S&S Space Shot prototypes: Part 8 of our Freefall Series

S&S-Sansei started as S&S Sports, Inc., a company from Logan, UT that supplied bungee jumping and trampoline equipment to the industry.  In 1995, they launched its first mass-market amusement park ride: the Space Shot. Invented by Stan Checketts, co-founder of the company, the idea here was to get a reliable thrill ride that would fit the smallest plot of land possible. This ride would be the ideal solution for landlocked amusement parks looking for a new thrill ride at low running costs. The solution found was a steel lattice tower with four large columns at each corner. Inside, five or nine tubes are installed, with the central one containing a piston connected to steel cables. The other pipes are connected to a storage tank located near the ride. Those steel cables run down the side of the tower and are connected to the ride car.

The cycle initially went like this: Riders boarded the car and lowered the padded shoulder bar. The primary contact point is the hips, and for most riders, their shoulders won’t touch the top part of the restraint. They then buckle a seatbelt that goes from the front of the seat to a steel male part welded to the restraint.  The ride operators verify those belts, followed by the car lifting off the ground for weighting. During that time, the bar’s hydraulic cylinder lock, and ride operators have to do a second verification to make sure the restraint is properly secured

Once all the riders are secured, the tower operator pushes the control that fills the four cylinders with the correct air quantity.  This is determined by the car weight once loaded with passengers. The Orbite at La Ronde in Montreal, QC (the old Action Park tower), and Space Shot at Suzuka Circuit Motopia (Suzuka, Japan) were the last ones to operate with this mode, with the La Ronde model updated around 2017-2018. All the other 1996 models were upgraded at a later date to have flush seatbelt/restraint verification at the bottom.  Then, the car is lifted, weighted, and immediately launched right after. This is the standard operational mode for all later towers. 

The air is then released from the four cylinders to the center cylinder, which gives a smooth and intense and acceleration. This pushes down the piston, and this is, in effect, a powerful launch to the sky, with riders only taking a few seconds to reach the top. Then, the air gradually escapes from the cylinder with a release valve, and this gives the subsequent freefall and bounces. Those bounces get smaller and smaller until the car is at the bottom as the air pressure levels off. There, four hydraulic plungers collect it and lower it for loading.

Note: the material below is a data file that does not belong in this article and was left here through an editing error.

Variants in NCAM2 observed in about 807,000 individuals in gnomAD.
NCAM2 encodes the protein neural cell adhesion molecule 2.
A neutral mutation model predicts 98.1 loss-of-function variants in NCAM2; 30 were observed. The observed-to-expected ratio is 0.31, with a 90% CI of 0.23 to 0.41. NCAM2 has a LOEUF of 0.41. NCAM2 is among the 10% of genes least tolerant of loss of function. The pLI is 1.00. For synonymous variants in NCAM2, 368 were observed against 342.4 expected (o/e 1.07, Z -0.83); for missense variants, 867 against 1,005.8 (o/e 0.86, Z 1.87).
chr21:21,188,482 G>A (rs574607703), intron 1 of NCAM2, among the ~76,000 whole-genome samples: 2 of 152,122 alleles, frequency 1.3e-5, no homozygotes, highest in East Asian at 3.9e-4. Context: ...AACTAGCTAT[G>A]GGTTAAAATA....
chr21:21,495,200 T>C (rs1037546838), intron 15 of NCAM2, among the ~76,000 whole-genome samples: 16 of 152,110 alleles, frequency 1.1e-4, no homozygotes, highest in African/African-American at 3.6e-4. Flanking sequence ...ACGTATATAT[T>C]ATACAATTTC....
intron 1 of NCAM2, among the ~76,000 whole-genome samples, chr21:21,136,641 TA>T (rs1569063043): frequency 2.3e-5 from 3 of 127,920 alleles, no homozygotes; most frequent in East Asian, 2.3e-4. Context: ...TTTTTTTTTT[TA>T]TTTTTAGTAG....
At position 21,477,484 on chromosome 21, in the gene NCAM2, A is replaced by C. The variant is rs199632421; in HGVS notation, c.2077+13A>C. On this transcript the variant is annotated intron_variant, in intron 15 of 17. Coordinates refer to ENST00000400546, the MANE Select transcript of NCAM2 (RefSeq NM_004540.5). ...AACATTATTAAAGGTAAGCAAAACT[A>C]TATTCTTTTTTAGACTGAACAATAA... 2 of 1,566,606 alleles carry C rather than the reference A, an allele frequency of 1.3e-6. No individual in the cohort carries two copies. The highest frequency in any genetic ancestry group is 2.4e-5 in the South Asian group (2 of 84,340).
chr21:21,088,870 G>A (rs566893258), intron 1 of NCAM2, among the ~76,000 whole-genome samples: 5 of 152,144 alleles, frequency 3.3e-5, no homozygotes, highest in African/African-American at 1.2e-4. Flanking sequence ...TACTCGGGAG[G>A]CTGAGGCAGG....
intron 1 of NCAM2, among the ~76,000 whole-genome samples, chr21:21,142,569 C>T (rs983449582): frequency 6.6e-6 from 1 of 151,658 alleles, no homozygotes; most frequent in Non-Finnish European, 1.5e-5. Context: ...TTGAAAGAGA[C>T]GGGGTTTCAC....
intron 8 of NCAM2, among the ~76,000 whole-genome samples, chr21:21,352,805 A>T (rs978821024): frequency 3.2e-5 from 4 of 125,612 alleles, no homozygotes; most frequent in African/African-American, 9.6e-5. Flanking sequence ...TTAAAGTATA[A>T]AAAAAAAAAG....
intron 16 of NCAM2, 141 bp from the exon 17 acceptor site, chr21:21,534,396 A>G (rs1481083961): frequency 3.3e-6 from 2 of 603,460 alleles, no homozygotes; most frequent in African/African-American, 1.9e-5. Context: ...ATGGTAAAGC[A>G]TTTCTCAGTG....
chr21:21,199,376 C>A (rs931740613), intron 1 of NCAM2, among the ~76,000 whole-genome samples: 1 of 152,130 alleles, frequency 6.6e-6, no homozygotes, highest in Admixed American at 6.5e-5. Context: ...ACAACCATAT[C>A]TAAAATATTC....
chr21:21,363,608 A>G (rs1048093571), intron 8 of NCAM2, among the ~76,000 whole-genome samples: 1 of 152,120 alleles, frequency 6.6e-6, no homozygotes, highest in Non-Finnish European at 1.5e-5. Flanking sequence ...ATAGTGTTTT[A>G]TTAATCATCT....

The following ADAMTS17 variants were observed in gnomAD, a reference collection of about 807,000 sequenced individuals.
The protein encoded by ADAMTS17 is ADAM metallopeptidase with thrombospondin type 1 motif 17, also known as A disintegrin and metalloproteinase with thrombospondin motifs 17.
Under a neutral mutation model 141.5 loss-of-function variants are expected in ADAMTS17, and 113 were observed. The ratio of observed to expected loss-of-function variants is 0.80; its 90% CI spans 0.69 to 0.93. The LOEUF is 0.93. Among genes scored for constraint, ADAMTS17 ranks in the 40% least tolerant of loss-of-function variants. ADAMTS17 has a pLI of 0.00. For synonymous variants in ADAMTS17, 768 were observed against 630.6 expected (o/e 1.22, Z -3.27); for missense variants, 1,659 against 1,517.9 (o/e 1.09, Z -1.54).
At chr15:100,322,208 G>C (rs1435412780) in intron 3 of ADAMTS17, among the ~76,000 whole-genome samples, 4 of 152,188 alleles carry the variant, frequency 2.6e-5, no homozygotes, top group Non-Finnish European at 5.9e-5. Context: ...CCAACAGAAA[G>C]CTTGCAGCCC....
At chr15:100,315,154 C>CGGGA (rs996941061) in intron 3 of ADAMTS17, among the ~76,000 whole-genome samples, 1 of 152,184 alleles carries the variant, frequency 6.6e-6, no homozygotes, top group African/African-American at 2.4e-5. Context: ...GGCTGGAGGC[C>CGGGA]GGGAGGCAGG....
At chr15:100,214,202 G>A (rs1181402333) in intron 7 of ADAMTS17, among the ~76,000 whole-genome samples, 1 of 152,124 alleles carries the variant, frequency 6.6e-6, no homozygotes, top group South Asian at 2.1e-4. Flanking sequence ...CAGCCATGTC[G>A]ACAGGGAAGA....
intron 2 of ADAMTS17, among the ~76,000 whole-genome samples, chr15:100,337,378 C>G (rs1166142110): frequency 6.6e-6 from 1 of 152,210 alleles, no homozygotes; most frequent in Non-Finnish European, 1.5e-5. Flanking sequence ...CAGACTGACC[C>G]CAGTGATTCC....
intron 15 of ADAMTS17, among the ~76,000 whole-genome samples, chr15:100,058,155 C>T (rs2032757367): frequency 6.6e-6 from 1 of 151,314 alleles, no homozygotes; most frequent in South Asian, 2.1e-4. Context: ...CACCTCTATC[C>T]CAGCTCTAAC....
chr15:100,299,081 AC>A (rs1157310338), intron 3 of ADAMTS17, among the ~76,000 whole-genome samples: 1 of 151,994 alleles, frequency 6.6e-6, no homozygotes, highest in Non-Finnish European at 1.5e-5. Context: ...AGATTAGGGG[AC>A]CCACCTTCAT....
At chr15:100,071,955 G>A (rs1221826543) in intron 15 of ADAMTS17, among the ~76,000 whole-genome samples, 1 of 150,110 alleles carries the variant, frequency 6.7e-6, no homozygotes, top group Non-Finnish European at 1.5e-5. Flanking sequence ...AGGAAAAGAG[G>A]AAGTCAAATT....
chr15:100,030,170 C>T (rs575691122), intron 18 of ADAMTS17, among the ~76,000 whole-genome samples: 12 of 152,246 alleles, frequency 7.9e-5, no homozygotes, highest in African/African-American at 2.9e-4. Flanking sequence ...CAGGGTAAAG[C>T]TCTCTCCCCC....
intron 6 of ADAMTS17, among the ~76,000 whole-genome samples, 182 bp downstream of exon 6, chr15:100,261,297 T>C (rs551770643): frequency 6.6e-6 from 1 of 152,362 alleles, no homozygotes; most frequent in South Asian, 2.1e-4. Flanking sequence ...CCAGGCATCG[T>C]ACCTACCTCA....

Now, the first two towers to open in 1995 at Reino Aventura (Mexico City, Mexico) and D&D Adventures at the Wisconsin Dells had a smaller seating unit and could only accommodate eight passengers in Mexico and four passengers at the Dells. Two riders sit on each side of the tower, and in the case of the four-passenger model, only two sides are occupied. Those rides stood 180 feet tall. The seating unit rolls on small rubber tires on the four collumns at each corner of the tower. Those rides last unique feature was that they used restraints sourced from nearby Arrow Dynamics.  

Footage of the Space Shot at Reino Aventura starts at 8:24.

http://www.thecoasterkings.com/ located this amazing footage of the ride at Reino Aventuro.

The Reino Aventura tower was removed after the 1999 season when Premier Parks (now known as Six Flags) rebranded and renovated the park. They were expecting larger crowds and the lone eight-passenger tower replaced with three brand new ones called Kilauhua. The D&D Adventures tower was sold in the late 1990s to Magical Midway. Located on the world-famous International Drive in Orlando, FL, this served as an anchor for the Family Entertainment Center (FEC) and renamed the Space Blast.

In 1996, S&S Power further refined the design by designing two new towers configuration and developing their own restraints. The most common today can accommodate 12 passengers in either 3-3-3-3 or later 4-2-4-2 configurations and the larger one 4-4-4-4. Furthermore, Cedar Fair wanted to increase capacity for the Worlds of Fun (Kansas City, MS) installation. The single 12 passenger tower is only capable of 360 passengers per hour in the best of cases. S&S doubled that by designing a new double tower linked at the top by a lattice structure that also serve as a nice billboard for the ride or park. Detonator opened that year and was the first double freefall tower in the world. Detonator is 210 feet tall with the top structure, but the cars only reach the 150 feet level.

The original Space Shot design for the 1995 and 1996 installations only used one cable connection on each side. Given that, the car only went up 2/3-3/4 of the total tower height. In the case of the La Ronde first generation model that initially opened in 1996 at Action Park in Vernon, NJ, the car only reach the 150 feet level with the tower itself 200 feet tall. What happens is that when the car reaches the end of the cylinders, it still tried to go up, and this, in effect, makes passengers feel an intense negative G spike.

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